What Makes India's Rafale Fighter Jets So Potent Against China, Pakistan

The first five Rafales bought from France in a multi-billion-dollar deal landed in the country on Wednesday.

India has purchased 36 Rafale fighter jets in an inter-governmental deal with France.

New Delhi:

The ability to strike air-to-air targets from up to 150 km away and safely hit land targets 300 km within enemy territory make India's Rafales some of the deadliest fighter jets flying in the world.

Known for air-superiority and precision strikes, the French-made Rafales are India's first major acquisition of fighter planes in 23 years after the Sukhoi jets were imported from Russia.

The first five Rafales bought from France in a multi-billion-dollar deal landed in the country on Wednesday and Defence Minister Rajnath Singh used their arrival to launch a veiled warning to neighbouring China over territorial tensions.

"If it is anyone who should be worried about or critical about this new capability of the Indian Air Force, it should be those who want to threaten our territorial integrity," Mr Singh said.

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The Rafales were greeted with a water-cannon guard of honour when they landed at the Ambala air base.

Indian and Chinese forces were locked in a six-week-long standoff along their de-facto border that peaked with a hand-to-hand battle in which 20 Indian soldiers were killed last month. China also suffered casualties in the showdown but has not given figures.

The deadly clash has sharpened an intense nationwide spotlight on the combat jets that were greeted with a water-cannon guard of honour when they landed at the Ambala air base in Haryana.

The aircraft are capable of carrying a range of potent weapons. European missile maker MBDA's Meteor beyond visual range air-to-air missile, SCALP cruise missiles and MICA weapons system will be the mainstay of the weapons package of the Rafale jets.

Meteor is the next generation of BVR air-to-air missile (BVRAAM) designed to revolutionise air-to-air combat. The weapon has been developed by MBDA to combat common threats facing the UK, Germany, Italy, France, Spain and Sweden. The Meteor is powered by a unique rocket-ramjet motor that gives it far more engine power for much longer than any other missile, experts say.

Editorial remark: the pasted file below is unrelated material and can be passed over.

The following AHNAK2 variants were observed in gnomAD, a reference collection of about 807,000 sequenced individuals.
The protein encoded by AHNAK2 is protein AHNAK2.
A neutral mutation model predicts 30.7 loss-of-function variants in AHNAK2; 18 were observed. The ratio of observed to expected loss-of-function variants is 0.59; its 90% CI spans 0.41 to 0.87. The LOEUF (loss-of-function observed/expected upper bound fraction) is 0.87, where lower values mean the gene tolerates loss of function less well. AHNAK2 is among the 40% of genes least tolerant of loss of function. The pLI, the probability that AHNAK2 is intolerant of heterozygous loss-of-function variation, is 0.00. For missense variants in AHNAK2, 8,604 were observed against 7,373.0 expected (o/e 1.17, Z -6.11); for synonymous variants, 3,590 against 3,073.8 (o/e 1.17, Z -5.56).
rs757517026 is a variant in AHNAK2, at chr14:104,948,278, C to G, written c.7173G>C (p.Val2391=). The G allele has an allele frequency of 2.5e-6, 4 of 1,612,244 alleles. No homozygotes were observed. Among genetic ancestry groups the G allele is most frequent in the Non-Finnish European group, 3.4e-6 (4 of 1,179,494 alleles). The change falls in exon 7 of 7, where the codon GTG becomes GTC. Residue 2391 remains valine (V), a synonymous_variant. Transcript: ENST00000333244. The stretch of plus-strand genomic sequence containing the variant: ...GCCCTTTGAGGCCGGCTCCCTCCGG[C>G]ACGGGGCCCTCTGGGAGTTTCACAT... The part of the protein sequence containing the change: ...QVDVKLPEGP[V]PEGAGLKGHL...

The Meteor missile can target enemy aircraft from 150 km away. It can destroy enemy aircraft before they actually even get close to the Indian aircraft.

Had India had this capability a day of during the aerial encounter with Pakistan last year, the assumption is that many Pakistani F-16s would have been destroyed.

Rafales are also equipped to carry SCALP cruise missiles that can hit targets 300 km away. It means that an Indian Air Force Rafale taking off from Ambala, will be able to launch one of these weapons from well within Indian airspace to hit a target deep inside China.

The third weapon system is the MICA missile system. The MICA is a very versatile air-to-air missile. It comes with a radar seeker. It also comes with an infrared seeker and the reason which makes it very advanced is that it can be fired for the short-range to your long-range as well right up to a 100 km.

It's already in service with the Indian Air Force is Mirages and is the primary weapon system of Rafales as well.

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The five aircraft are being inducted into the Ambala-based No 17 Squadron, also known as the ''Golden Arrows''.

The Indian Air Force is also procuring new generation medium-range modular air-to-ground weapon system Hammer to integrate with the Rafale jets.

Hammer (Highly Agile Modular Munition Extended Range) is a precision-guided missile developed by French defence major Safran. The missile was originally designed and manufactured for the French Air Force and Navy.

Apart from weapons, Rafales also fly with SPECTRA - widely considered the world's most advanced fighter-based electronic warfare suite, a system which is the cornerstone of the Rafale's survivability against a host of the latest threats.

SPECTRA is designed to detect threats and provides a multi-spectral threat warning capability against hostile radars, missiles and lasers.  By detecting threats at long-range, SPECTRA allows the pilot to instantly select the best suited defensive measures combining radar jamming of ground and airborne radars and the deployment of infrared or radar decoying flares and chaff.

The fleet of five aircraft, comprising three single-seaters and two twin-seaters, are being inducted into the Indian Air Force as part of its Ambala-based No 17 Squadron, also known as the ''Golden Arrows''.

India has also received five more jets which are currently in France for training missions. The delivery of all 36 aircraft as part of the deal is set to be completed on schedule by the end of 2021, the government has said.

(With inputs from agencies)